Of Stereotypes and Half-Assed Marketing Gimmicks

Why Certain "Inclusive" Marketing Concepts Don't Reach Their Potential

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Jonathon Feit Jonathon Feit
The "study" upon which I am basing this post is by no means scientific. It's tiny in scale, was conducted exclusively by me, and leaves room for a variety of conclusions. Still, I think it's telling, and reveals a problem embedded in our several months-long crusade for media and marketing diversity. Therefore, it warrants discussion.

Over the past couple weeks, I've had the opportunity to discuss diversity in advertising with a number of women within the orbit of the business community (especially its academic side). Invariably, two campaigns came up in conversation: Unilever's "Real Women" campaign for Dove, and the Procter & Gamble's "My Black is Beautiful" campaign that has been so lengthily discussed in Ad Age and on this blog.

Some of these women were white; some were women of color. All had heard of the Dove campaign; none had heard of "My Black is Beautiful."

I thought to myself: "Well, that's a problem." Especially since we've made a big to-do about it.

It's certainly possible that these women were coincidentally not up-to-speed on the two brands' novel diversity marketing initiatives; or perhaps they weren't fans of the brands, and so ignored the promotions. But a key objective of inclusive marketing -- like, um, every kind of marketing -- is to attract new customers. If the campaign isn't getting effective play, it isn't really worth much -- even if it is groundbreaking in its conception.

That rock-and-a-hard-place quandary between effective marketing and diversity outreach got me thinking about another campaign I encountered while living in Manhattan a few years ago.

A rather infamous magazine ad salesman was helping to pioneer what has since been institutionalized as "experiential marketing." His client, Crown Royal Canadian Whiskey, wanted to reach the urban audience.

So the company decided to build a Crown Royal-themed barber shop in the middle of SoHo, just off the Houston Street subway stop.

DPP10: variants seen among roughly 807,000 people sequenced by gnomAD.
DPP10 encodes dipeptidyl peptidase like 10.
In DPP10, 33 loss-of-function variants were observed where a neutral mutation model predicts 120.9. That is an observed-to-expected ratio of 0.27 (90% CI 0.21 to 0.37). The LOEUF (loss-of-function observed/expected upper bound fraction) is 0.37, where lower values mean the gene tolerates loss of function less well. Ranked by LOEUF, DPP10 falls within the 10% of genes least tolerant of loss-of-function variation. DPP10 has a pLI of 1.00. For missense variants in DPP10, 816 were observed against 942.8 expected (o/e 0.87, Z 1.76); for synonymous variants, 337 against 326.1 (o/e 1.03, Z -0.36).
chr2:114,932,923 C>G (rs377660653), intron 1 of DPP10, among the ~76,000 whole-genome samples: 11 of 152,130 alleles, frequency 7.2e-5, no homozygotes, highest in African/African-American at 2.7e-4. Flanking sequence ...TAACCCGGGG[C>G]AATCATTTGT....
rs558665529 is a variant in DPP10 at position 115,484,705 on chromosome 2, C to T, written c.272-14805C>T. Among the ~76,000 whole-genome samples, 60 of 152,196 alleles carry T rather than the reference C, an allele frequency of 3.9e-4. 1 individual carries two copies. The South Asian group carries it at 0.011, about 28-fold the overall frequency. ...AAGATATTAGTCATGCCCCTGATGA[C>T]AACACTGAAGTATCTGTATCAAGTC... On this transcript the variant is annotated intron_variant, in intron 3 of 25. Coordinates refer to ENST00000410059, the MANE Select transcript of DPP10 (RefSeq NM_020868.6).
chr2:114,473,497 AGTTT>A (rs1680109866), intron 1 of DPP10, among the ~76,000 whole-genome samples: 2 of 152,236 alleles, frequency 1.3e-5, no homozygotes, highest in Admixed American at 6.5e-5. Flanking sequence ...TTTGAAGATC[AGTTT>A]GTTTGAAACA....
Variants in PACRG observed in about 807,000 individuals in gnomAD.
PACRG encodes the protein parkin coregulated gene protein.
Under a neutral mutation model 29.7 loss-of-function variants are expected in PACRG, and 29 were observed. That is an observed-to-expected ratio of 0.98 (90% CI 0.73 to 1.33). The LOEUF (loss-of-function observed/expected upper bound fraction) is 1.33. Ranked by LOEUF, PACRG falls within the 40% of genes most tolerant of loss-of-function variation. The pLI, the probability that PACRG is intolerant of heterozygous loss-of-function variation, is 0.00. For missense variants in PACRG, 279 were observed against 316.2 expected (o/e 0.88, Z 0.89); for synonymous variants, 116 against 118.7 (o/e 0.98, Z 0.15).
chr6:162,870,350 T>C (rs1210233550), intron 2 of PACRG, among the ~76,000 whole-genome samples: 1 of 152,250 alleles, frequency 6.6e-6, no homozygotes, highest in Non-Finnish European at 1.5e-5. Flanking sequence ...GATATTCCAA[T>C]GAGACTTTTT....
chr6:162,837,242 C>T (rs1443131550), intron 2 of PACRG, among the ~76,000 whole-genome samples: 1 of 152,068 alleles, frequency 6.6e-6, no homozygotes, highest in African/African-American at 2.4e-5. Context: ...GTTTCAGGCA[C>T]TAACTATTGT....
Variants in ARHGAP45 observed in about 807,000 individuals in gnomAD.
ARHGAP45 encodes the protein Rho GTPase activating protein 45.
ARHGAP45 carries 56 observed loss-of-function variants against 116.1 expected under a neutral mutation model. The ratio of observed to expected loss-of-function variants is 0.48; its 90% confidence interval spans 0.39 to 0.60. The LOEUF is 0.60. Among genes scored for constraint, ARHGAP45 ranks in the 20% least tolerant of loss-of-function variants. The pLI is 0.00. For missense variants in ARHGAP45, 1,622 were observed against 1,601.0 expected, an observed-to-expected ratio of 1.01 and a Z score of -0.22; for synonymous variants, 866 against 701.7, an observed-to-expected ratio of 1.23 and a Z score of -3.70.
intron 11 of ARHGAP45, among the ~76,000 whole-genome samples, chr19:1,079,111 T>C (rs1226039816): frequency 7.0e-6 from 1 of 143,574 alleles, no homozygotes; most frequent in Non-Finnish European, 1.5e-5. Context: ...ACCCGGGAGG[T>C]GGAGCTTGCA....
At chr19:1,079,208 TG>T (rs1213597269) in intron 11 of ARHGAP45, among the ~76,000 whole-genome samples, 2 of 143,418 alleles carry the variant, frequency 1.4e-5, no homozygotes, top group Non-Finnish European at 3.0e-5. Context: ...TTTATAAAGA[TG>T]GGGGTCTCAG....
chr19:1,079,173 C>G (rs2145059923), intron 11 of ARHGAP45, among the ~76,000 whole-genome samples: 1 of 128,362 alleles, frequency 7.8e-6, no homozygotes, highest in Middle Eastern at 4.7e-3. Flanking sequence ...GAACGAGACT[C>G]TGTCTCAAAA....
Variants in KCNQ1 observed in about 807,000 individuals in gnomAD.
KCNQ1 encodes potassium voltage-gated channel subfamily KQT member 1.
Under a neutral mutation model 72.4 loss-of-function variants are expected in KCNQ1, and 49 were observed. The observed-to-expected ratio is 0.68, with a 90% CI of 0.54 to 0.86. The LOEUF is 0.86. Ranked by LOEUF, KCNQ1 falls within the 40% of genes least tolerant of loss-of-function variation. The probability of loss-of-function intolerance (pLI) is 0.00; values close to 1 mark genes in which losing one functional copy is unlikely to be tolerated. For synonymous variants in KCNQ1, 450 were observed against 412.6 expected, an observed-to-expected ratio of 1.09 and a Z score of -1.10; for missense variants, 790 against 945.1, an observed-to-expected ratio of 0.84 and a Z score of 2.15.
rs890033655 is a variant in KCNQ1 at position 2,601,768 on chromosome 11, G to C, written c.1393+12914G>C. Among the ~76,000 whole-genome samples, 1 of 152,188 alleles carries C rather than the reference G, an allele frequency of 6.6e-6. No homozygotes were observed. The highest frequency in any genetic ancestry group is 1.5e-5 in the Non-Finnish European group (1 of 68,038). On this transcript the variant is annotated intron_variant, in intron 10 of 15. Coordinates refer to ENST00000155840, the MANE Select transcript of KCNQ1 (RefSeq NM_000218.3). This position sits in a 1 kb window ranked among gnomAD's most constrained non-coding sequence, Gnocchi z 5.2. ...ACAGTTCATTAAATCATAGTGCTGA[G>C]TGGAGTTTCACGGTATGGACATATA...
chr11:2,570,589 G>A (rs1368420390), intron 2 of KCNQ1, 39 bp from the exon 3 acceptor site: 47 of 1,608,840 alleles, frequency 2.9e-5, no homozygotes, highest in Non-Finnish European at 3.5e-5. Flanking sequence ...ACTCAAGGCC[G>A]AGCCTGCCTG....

Now, take a second...Does that seem just a tad bit "off" to anyone else? On one level insulting. On another, just plain risky. Consider how many stereotypes and mistakes are active here:
  1. If you're trying to reach the "urban " market, the whitewashed trendy hub of Manhattan tourism might not be the most effective venue.

  2. Just because there have been two movies called "Barbershop" starring a largely black cast, is there anything more solid than cliché upon which to base the idea that "urban" audiences (male OR female) congregate at the salon?

  3. Even if No. 2 proves true, are the same folks who are used to going to their neighborhood barber shop going to travel all the way to SoHo for a shave and a whiskey?

  4. And this is a biggie -- whose brilliant idea was it to pair alcohol, scissors and straight razors? Sweeney Todd? (Can we say "L-i-a-b-i-l-i-t-y"?)
I have no problem -- no, that's not true -- I have only a small problem with companies parsing their marketing strategies based on criteria like race, which should be meaningless, though we aren't quite there yet as a society.

Ideally, psychographics should carry monstrously more weight than demographics.

Moreover, if a marketing campaign aims to be inclusive, highlighting demographics is exactly the opposite of what needs to be done. "My Black is Beautiful" is a lovely concept. Except that it only talks to black women. And not all black women: it speaks to the black woman who likes to be identified as such. The black woman who doesn't harp on her skin color might be just as well reached by a neutral ad, and may even be turned off by a racially specific one.

Isn't the latter condition what we're trying to achieve?

Sure, marketers' jobs will become harder if subjective criteria like race and ethnicity are removed from the rubric, but then again, fewer audience silos also means fewer ads need to be produced -- ultimately one balances the other, with a net social good.

While the "Real Women" campaign speaks to women rather than men, a gender difference is one that (I think) rational people can accept as legitimate in certain types of marketing. Men and women, after all, really do have different needs.

At the end of the day, the Dove campaign may simply be more widely remembered because it invited everyone to participate in the trendsetting. Unilever hit the viral marketing jackpot: a pool of consumers so broadly defined as "women" is inherently conducive to buzzmaking even as it flattens the playing field -- an affirmative pursuit of inclusion.
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